Few films manage to blend comedy and horror as well as this one, and it’s considered one of the touchstone examples of special effects in horror. The movie centers around two young men backpacking through the British moors when they are attacked by a werewolf. David’s journey into becoming a werewolf (and his infamous transformation) are an interesting perspective switch in the horror movie genre. What happens if you’re the monster thats tearing people apart?

Also, the movie has an excellent soundtrack.

Tw; Suicide mentions


Ginger Snaps Back (2004)

A lot of people talk about Ginger Snaps, but almost no one ever talks about this sequel (prequel? AU??) that in my opinion is far superior. The movie follows two sisters venturing through the Canadian wilderness in the early 1800s. They end up at a fur trading fort that has been suffering from relentless attacks by werewolves, but which harbors an even darker secret within its fortified walls. The film is incredibly attractive visually, is led by two women leads, takes place in an interesting setting and time period, and has a completely new take on the werewolf movie.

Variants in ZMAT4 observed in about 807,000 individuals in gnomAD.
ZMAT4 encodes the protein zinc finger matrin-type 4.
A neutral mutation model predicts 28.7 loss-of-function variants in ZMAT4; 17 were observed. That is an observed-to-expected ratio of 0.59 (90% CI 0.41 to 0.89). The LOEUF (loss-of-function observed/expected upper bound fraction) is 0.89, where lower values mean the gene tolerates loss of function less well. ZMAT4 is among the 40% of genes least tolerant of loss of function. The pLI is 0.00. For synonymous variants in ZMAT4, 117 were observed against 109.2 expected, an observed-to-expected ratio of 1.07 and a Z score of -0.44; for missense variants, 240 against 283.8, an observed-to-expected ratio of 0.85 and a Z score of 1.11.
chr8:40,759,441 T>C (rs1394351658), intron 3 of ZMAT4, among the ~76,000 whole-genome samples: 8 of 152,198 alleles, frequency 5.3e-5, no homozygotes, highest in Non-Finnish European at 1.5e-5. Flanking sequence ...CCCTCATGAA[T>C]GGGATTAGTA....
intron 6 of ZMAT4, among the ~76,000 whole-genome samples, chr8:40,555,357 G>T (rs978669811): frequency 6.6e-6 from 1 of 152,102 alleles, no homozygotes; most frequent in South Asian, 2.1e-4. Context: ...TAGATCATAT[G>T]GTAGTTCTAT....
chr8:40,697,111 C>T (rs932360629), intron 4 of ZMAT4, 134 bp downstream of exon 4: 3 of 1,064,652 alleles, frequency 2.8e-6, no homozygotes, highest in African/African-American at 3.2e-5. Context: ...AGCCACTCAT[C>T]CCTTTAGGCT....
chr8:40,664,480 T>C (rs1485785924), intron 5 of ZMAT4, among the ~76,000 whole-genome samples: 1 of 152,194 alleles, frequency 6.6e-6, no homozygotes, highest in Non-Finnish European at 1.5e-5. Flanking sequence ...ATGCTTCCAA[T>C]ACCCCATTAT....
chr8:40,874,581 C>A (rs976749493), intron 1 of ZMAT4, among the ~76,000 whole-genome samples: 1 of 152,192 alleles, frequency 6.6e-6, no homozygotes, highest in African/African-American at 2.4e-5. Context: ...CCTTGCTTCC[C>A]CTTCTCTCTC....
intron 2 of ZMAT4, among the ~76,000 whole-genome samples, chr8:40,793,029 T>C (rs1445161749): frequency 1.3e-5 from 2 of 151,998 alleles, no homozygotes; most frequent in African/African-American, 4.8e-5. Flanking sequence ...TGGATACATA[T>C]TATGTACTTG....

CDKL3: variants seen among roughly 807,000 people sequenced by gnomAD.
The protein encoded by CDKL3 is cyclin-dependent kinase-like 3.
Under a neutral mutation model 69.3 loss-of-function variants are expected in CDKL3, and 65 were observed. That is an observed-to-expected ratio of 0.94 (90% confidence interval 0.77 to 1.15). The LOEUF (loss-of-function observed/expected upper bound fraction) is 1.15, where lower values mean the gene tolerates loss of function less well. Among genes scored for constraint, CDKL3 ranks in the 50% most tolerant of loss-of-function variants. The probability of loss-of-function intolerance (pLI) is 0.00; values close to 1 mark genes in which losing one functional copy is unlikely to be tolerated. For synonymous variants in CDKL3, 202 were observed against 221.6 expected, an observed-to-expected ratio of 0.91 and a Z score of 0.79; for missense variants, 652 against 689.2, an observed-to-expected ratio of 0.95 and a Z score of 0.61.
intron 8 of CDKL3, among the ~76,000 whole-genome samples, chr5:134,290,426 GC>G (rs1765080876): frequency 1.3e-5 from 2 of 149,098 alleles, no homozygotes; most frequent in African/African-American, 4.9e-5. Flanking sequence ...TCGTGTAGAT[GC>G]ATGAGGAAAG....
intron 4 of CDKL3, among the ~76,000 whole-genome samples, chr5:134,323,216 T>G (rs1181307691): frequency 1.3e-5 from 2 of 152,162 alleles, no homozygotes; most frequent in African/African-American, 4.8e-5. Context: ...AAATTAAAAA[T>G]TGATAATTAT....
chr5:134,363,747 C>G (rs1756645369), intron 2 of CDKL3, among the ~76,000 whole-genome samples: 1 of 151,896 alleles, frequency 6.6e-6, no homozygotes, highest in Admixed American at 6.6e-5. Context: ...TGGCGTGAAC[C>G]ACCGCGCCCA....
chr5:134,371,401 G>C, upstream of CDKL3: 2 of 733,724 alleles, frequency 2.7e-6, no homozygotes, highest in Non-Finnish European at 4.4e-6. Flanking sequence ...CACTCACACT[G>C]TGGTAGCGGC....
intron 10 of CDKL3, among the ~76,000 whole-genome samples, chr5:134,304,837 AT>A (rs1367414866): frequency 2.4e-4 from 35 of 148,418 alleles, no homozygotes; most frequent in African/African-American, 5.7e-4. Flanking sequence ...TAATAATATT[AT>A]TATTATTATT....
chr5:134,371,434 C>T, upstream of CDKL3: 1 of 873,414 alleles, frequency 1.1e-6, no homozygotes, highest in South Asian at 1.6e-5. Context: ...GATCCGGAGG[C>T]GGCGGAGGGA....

CHUD (1984)

In the years since its release CHUD (Cannibalistic Humanoid Underground Dweller) has become a bit of a cult classic. If you can enjoy a movie for all its silly absurdity and just have a good time, CHUD is for you. The movie is about…well…cannibalistic humanoid underground dwellers of course. It it punctuated by a few genuinely creepy moments, and I was excited to see the use of Geiger counters to track the proximity of the monsters, similar to the use of the radios in the Silent Hill series.


The Blob (1988)